Spiritual Life
Reasons to Believe
Religions & Sects
Church History
Theology
Philosophy
Ethics
Interviews
Testimonies
In the News
Miscellaneous
Faith & Reason Press Speaker's Forum Links Resources About Us

Testimonies of Former Catholic Priests



While He was on earth our Lord Jesus Christ spent much of His time showing the priests and leaders of the 'religious establishment' how far they had strayed from God. The outward ceremonies of their faith had got in the way of real religious experience.


Our Lord is still speaking today — calling us away from religious deadness. If we ask Him, He will give us a personal and felt relationship with Himself, as all the writers in these pages say. Let the following former priests tell their story.


Dr. Hegger

Former Brazilian Priest & Seminary Professor


During my childhood I often heard it said that one of the best ways to escape from eternal Hell was to enter a monastery. I decided to follow that advice.


Monastic life is meant to cultivate strong will-power and make one capable of controlling all passions and lusts.


In my monastery various forms of bodily torture were employed to achieve such will-power. We scourged ourselves several times a week, lashing our naked bodies with knotted cords.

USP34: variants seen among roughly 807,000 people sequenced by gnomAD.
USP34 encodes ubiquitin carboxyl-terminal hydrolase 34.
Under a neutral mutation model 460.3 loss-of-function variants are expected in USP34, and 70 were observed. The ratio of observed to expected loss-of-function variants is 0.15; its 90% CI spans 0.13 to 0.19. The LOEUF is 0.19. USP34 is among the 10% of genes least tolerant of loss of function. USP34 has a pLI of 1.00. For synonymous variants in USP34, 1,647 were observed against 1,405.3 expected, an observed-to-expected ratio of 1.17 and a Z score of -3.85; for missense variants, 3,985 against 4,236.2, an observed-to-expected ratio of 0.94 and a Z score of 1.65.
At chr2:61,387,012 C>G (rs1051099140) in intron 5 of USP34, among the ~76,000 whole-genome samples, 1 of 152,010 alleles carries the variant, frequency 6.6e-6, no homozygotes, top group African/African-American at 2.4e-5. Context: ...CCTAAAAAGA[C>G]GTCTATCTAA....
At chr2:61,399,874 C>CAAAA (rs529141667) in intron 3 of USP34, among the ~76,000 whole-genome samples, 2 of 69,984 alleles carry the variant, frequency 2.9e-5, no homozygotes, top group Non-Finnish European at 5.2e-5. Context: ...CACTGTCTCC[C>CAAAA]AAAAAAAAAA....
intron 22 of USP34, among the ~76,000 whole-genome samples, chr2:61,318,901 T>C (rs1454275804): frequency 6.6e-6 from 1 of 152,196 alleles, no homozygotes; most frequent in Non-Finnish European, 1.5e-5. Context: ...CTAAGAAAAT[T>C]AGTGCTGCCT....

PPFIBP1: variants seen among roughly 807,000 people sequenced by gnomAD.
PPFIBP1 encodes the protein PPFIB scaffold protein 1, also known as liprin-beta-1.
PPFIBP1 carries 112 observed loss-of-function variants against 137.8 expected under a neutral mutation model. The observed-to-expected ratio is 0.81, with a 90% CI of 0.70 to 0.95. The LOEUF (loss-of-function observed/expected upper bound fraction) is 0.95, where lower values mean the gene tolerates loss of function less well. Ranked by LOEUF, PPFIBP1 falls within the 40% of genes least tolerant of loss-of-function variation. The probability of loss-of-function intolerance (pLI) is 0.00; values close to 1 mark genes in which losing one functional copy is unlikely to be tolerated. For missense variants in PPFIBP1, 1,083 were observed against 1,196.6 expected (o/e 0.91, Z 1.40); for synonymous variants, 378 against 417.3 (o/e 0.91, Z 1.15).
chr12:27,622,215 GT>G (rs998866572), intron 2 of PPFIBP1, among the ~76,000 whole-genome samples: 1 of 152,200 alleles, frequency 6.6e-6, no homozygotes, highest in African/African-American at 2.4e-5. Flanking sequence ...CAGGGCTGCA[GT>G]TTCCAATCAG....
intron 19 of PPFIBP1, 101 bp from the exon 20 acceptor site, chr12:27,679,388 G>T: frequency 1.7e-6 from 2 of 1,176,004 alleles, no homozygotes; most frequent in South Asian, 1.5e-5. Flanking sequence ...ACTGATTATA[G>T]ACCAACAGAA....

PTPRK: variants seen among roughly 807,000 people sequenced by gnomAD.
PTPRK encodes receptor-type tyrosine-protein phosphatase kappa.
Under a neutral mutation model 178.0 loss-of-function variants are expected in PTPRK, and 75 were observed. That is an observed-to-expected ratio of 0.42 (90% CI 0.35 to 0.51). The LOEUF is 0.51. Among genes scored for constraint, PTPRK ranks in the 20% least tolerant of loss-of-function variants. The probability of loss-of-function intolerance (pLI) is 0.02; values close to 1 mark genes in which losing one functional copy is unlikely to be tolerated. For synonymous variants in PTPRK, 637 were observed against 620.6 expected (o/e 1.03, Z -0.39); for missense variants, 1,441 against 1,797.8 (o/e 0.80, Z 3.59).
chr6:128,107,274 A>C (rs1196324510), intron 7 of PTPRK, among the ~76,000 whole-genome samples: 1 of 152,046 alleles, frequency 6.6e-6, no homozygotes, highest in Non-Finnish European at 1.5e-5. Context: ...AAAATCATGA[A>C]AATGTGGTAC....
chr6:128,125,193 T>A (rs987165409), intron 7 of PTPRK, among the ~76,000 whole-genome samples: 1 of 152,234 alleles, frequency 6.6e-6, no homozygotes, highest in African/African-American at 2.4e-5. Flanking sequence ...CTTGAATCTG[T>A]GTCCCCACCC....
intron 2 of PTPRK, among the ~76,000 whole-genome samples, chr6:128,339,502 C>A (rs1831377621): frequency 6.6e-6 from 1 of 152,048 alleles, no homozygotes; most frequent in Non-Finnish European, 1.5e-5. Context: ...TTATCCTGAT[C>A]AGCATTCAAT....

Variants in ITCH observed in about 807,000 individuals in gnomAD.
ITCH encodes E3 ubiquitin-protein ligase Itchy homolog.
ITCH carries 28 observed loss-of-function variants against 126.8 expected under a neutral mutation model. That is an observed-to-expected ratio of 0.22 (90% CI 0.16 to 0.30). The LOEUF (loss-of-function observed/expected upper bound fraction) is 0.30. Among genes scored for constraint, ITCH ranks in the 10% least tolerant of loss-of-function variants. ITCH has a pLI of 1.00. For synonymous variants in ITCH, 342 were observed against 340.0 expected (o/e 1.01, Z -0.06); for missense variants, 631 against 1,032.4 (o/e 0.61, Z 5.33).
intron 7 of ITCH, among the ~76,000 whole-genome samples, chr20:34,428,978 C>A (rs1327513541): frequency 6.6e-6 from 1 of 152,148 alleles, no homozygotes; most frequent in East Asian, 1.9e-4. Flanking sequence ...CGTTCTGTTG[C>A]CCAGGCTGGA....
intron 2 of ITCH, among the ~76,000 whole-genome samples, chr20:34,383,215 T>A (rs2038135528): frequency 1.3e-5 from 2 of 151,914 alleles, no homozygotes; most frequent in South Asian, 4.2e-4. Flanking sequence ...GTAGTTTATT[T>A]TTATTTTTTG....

Despite the great pain we were told that if we could endure such whippings calmly, we would receive strength to resist every kind of sensual and sexual urge. We were also told that by scourging ourselves we could atone for sins we had already committed and so shorten future punishment in Purgatory.


Round our waists, thighs and arms we wore penitence chains on which were spikes which dug into our flesh. There were also many other kinds of 'bodily chastisement'.


Alongside self-inflicted punishments we had other kinds of humbling exercises designed to extinguish our pride and vanity. In one of these routines a priest had to lie on the floor across a doorway so that other priests would tread on him as they went by. Whenever I did this I felt like a worm upon which people trod, but I thought that God must be very pleased with me for such a voluntary self-humiliation.


The worst humiliation included licking an area of the floor clean with our tongues. Doing this made me feel like an animal, — like a pig wallowing in the mire, or like a dog sniffing around. Sometimes I even felt like an insect creeping in the dust.